I shall only detain you further, on this subject, by noticing one other circumstance, and that respects the shortening of the siege. Josephus computes that there fell during the siege, by the hands of the Romans, 1,100,000 Jews: had the siege continued long, the whole nation must have perished. But the Lord shortened the days for the elect's sake; and the manner in which the days were shortened is most worthy of remark. Vespasian committed the management of the siege to his son Titus, then a young man, impatient of resistance, jealous of the honour of the Roman army, and in haste to return from the conquest of an obscure province to the capital of the empire. He prosecuted the siege with vigour-he invited the besieged to yield, by offering them peace—and he tried to intimidate them, by using, contrary to his nature, every species of cruelty against those who fell into his hands. But all his vigour, and all his artifice, would have been fruitless, had it not been for the madness of the Jews within the city. They fought with one another; they furiously burned magazines of provisions, which were sufficient for many years' supply; and they deserted, with a foolish confidence, strong holds, out of which no enemy could have dragged them. After they had thus delivered the city into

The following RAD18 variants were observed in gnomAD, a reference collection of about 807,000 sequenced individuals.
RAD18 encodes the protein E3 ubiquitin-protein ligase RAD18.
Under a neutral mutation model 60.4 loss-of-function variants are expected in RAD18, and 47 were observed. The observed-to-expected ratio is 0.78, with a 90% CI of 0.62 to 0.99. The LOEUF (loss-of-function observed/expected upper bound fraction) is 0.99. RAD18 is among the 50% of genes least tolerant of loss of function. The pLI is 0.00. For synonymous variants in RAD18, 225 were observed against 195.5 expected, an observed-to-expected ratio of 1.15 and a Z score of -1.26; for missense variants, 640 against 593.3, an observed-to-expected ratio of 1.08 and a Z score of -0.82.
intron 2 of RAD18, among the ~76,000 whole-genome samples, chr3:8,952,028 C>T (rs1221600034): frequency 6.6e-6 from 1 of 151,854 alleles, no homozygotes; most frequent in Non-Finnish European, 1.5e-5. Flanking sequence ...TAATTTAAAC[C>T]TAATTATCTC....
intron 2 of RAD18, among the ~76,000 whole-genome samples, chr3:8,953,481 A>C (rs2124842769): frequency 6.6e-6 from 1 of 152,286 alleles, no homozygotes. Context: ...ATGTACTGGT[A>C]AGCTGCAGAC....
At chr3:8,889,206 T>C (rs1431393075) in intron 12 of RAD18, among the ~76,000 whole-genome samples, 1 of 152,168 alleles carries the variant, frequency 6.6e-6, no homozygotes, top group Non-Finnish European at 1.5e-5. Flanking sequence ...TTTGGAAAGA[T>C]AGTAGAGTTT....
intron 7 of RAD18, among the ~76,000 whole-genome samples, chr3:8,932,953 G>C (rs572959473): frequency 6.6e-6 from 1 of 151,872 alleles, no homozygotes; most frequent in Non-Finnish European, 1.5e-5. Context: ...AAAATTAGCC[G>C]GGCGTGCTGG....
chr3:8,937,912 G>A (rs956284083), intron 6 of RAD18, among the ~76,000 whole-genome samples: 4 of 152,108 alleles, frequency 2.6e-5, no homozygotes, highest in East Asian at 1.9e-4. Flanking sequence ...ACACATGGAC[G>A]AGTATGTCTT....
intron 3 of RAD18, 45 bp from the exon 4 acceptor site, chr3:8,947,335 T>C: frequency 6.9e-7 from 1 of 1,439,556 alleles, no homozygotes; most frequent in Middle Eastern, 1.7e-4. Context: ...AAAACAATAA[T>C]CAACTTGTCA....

the hands of the Romans, Titus, on a survey of the place, exclaimed, “ God has been on our side: neither the hands, nor the machinery of men, could have been of any avail against these towers : but God has dragged the Jews out of them that he might give them to us.” It was impossible for Titus to restrain the soldiers, who were irritated by an obstinate resistance, from executing their fury against the besieged ; but his native clemency spared the Jews in other places. He would not allow the senate of Antioch to expel the Jews ; for “where,” said he, “ shall these people go, now that we have destroyed their city?But Titus was the servant of God, to execute his vengeance on Jerusalem; and, when the measure of that vengeance was fulfilled, the compassion of this amiable prince was employed to restrain the wrath of man :-“ the Lord shortened the days."